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Schindler to Lead a Delegation of 24 Reform Jewish Leaders to Warsaw Ghetto Uprising Ceremonies

April 13, 1983
See Original Daily Bulletin From This Date

Rabbi Alexander Schindler, president of the Union of American Hebrew Congregations (UAHC), will lead a delegation of 24 Reform Jewish leaders to Poland to attend ceremonies marking the 40th anniversary of the Warsaw Ghetto uprising next week.

“Our presence cannot be construed as support for the present government there or as endorsement of the suppression of human rights in Poland,” Schindler said.

“Rather, our purpose is to dedicate the restored synagogue in Warsaw, to visit the Jewish cemeteries we helped repair, to honor the memory of the heroes of the ghetto in the place where they died, and then to go on to Treblinka and Auschwitz to say Kaddish and to renew the vow that those who lie in unnamed graves will never be forgotten.”

Schindler recalled the cultural exchange agreement, signed in 1981, between the UAHC and the government, church and academic institutions in Poland, under which sacred objects, books and manuscripts, historical texts, paintings and other items that were thought destroyed in the Holocaust are being made available in the United States for exhibition, reproduction and scholarly study.

A special aspect of this program, Schindler said, was the raising of funds from Reform synagogues in the U.S. and Canada to help repair crumbling Jewish cemeteries in Poland. Thus far, he said, about $25,000 has been raised and seven cemeteries in Warsaw, Lublin, Bialystok, Lodz and Cracow have had restoration work begun.


In Warsaw the UAHC delegation will meet with Joseph Cardinal Glemp, Primate of Poland, and will be received at a reception in the American Embassy there, Schindler said. He painted out that participation of the UAHC in the ceremonies in Poland had been decided after “full consultation” with the U.S. State Department, which he said “urged us to go.”

Schindler will also take part in the rededication and reopening of the Nejeck synagogue in Warsaw. In behalf of Reform Jews in the U.S. and Canada, he will present to the congregation eight silver Torah ornaments from the collection of Mount Neboh Congregation in Manhattan.

More than 1,000 Jewish representatives from Western countries — including several hundred from Israel — are expected at the ceremonies. A highlight of the visit will be the official ceremonies in Warsaw’s Grand Opera House at which President Vladislav Jablonsky will represent the Polish government.

Schindler will address the gathering. Other scheduled speakers are: Julius Berman, chairman of the Conference of Presidents of Major American Jewish Organizations; Rabbi Isaac Lewin, a leader of Agudath Israel of America; and Henry Taub, president of the American Jewish Joint Distribution Committee.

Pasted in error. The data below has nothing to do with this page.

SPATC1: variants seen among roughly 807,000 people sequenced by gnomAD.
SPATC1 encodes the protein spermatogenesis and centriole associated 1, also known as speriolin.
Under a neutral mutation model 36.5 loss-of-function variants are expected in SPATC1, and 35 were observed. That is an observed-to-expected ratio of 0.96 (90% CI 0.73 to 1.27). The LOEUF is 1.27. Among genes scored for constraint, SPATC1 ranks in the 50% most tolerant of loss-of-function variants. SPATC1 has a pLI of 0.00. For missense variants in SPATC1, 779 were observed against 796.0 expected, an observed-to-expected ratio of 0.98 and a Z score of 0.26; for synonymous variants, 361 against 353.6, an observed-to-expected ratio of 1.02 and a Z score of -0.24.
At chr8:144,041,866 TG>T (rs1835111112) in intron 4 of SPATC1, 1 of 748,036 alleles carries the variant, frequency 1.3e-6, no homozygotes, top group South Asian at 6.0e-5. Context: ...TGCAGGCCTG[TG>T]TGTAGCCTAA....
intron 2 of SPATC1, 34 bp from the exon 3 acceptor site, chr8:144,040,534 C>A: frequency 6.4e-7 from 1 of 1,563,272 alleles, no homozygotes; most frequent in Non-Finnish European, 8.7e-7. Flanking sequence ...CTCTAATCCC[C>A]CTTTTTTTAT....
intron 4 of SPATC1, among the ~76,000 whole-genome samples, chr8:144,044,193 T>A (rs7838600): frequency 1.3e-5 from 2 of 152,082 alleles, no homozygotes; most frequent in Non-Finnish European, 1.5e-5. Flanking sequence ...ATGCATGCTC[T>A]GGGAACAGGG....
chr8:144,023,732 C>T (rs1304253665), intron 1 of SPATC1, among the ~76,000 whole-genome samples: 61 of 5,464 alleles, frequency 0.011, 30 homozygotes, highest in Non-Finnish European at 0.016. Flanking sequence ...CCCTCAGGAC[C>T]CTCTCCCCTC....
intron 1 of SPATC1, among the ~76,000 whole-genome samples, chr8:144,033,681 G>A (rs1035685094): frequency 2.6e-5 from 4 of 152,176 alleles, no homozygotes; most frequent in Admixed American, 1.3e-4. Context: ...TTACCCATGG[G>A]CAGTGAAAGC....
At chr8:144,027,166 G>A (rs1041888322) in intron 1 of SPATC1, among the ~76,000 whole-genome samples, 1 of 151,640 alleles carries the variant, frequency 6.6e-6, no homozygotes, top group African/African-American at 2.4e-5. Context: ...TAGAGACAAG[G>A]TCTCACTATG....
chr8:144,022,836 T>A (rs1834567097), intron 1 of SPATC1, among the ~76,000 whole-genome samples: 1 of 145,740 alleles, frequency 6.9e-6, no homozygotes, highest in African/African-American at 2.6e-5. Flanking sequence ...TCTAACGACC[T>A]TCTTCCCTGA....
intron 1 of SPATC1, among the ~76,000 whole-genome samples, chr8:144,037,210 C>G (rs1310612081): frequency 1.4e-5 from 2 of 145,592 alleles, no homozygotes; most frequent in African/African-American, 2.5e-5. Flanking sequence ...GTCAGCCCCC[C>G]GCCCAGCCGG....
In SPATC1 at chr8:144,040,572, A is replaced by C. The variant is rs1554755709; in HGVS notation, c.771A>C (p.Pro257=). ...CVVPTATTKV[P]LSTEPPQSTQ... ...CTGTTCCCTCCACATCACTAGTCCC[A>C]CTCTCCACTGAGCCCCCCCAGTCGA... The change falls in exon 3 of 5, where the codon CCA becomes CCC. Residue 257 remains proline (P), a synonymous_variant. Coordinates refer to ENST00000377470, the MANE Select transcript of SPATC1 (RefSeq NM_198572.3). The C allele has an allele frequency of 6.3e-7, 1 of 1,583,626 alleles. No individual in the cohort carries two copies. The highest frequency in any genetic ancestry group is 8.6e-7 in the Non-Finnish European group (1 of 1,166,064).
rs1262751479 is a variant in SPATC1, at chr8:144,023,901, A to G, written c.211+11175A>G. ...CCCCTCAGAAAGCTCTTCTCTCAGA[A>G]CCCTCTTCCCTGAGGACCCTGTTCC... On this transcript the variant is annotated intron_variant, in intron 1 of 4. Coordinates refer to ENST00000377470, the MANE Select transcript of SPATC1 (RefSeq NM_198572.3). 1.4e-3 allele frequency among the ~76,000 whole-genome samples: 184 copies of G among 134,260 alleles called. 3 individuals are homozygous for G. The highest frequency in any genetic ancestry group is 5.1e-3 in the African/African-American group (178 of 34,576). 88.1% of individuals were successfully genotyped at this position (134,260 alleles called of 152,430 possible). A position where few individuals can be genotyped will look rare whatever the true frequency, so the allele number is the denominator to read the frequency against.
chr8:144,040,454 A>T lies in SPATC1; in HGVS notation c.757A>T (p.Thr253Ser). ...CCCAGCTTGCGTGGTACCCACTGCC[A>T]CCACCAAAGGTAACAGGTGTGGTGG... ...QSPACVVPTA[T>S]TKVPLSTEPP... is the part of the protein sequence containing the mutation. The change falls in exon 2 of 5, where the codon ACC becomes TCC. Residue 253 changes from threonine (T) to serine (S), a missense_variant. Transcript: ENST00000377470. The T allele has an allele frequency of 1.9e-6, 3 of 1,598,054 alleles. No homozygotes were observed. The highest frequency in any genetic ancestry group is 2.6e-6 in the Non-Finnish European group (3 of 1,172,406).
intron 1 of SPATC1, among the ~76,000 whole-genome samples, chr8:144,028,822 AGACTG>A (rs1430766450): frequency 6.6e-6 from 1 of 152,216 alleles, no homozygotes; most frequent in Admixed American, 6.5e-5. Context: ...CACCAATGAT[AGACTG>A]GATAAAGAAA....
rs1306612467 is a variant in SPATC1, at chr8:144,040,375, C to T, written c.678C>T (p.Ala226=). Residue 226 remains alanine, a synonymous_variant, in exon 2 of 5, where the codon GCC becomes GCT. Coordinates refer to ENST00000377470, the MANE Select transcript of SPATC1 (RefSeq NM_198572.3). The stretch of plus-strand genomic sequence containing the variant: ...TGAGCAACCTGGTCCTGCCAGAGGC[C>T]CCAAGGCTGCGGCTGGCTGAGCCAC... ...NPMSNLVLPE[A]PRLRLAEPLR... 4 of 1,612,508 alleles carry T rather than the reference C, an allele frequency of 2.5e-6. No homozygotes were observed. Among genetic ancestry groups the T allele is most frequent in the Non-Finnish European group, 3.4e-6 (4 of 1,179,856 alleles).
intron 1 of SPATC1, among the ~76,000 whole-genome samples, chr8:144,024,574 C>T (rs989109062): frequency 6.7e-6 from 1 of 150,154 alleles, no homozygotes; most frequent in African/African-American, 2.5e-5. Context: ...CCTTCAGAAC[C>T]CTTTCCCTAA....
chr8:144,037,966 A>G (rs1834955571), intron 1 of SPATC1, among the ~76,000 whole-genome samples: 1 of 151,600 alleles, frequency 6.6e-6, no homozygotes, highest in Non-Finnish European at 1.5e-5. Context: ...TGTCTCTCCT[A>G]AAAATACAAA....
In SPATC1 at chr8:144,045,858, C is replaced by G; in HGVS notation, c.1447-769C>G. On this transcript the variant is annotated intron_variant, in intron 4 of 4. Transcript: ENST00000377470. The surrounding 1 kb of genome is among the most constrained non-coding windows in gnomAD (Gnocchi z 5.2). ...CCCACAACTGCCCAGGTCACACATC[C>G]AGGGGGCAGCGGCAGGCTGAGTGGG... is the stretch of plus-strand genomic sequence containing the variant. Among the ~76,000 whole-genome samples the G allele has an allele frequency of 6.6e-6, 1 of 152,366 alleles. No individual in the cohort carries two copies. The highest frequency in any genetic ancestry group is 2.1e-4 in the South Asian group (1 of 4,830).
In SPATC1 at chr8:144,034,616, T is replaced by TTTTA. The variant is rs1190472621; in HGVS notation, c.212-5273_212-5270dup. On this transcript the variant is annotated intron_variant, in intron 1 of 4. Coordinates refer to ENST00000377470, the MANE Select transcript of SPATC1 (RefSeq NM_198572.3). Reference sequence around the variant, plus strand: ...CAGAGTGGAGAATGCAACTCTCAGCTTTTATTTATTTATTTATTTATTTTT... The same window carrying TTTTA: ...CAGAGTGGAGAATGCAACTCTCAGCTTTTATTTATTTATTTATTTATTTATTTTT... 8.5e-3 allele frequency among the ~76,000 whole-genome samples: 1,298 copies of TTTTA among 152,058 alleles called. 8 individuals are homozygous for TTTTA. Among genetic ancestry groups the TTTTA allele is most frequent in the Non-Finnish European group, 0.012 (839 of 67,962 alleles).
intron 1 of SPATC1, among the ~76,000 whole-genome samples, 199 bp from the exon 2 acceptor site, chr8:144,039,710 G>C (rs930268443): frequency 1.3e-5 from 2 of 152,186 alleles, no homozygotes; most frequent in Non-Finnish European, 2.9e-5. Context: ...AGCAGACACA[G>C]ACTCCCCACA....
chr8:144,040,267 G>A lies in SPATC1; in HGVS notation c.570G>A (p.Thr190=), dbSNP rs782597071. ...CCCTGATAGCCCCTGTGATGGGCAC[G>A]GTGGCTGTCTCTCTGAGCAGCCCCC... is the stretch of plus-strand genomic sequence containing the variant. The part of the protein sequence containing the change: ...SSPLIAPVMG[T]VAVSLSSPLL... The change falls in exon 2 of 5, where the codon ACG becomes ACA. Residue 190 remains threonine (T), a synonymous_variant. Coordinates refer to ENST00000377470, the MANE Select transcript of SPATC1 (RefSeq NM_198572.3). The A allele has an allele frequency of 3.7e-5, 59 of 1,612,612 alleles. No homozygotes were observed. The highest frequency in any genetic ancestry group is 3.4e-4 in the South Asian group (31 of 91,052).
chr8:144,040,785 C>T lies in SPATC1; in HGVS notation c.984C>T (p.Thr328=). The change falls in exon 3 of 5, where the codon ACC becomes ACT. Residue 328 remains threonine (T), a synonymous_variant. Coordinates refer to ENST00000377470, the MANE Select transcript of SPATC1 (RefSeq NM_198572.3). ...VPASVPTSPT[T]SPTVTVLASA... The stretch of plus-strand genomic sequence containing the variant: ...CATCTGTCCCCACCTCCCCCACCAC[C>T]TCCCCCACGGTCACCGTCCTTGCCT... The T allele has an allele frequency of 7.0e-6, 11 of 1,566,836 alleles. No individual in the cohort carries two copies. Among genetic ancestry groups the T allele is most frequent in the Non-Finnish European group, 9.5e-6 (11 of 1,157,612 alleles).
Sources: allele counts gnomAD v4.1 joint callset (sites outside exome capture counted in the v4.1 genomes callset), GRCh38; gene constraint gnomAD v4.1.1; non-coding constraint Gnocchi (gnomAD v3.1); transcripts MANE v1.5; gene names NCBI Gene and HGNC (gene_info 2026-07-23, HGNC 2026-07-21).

The World Council of Synagogues, international branch of the Conservative movement, will be represented at the ceremonies through its vice president, Leon Jolson, as will the World Federation of Jewish Fighters, Partisans and Camp Inmates, headed by Stefan Grayek of Israel, its president.

The World Jewish Congress will be represented at the ceremonies by Greville Janner, M.P., of London, president of the Board of Deputies of British Jews and vice president of the WJC; Dr. Gerhart Riegner of Geneva, secretary general of the WJC; and Kalman Sultanik of New York, vice president of the WJC.

Yad Vashem, the Israel government-sponsored Holocaust museum and documentation center in Jerusalem, will be represented at the ceremonies by Zevulum Hammer, Israel’s Minister of Education.


Two U.S. Jewish groups have publicly opposed Jewish participation in the ceremonies. They are the Jewish Labor Committee and the Workmen’s Circle. A surviving leader of the Warsaw Ghetto uprising, Marek Edelman of Lodz, rejected an invitation to serve on the Polish-government sponsored anniversary committee. He declared:

“To celebrate our anniversary here, where enslavement and humiliation is now the lot of a whole society, where words and gestures have become nothing but lies, would betray the spirit of our struggle … The true memory of the victims and heroes, of the eternal striving for truth and freedom, will be preserved in the silence of graves and of hearts.”

Commenting on this statement, Schindler said: “I recognize and appreciate Dr. Edelman’s feelings. There is no right or wrong here. Each of us must decide as the heart dictates.”

In Israel, Grayek also responded to Edelman’s contention by noting that he had argued with the former Warsaw Ghetto leader about it. Grayek charged that Edelman was a Socialist Bund leader in Poland and had always been anti-Zionist and had failed to speak out against anti-Semitic tendencies in his country. Grayek noted that the Israeli and Jewish delegations from the West will be drawing attention to the fate and heroism of the anti-Nazi fighters in Warsaw and in other ghettos.

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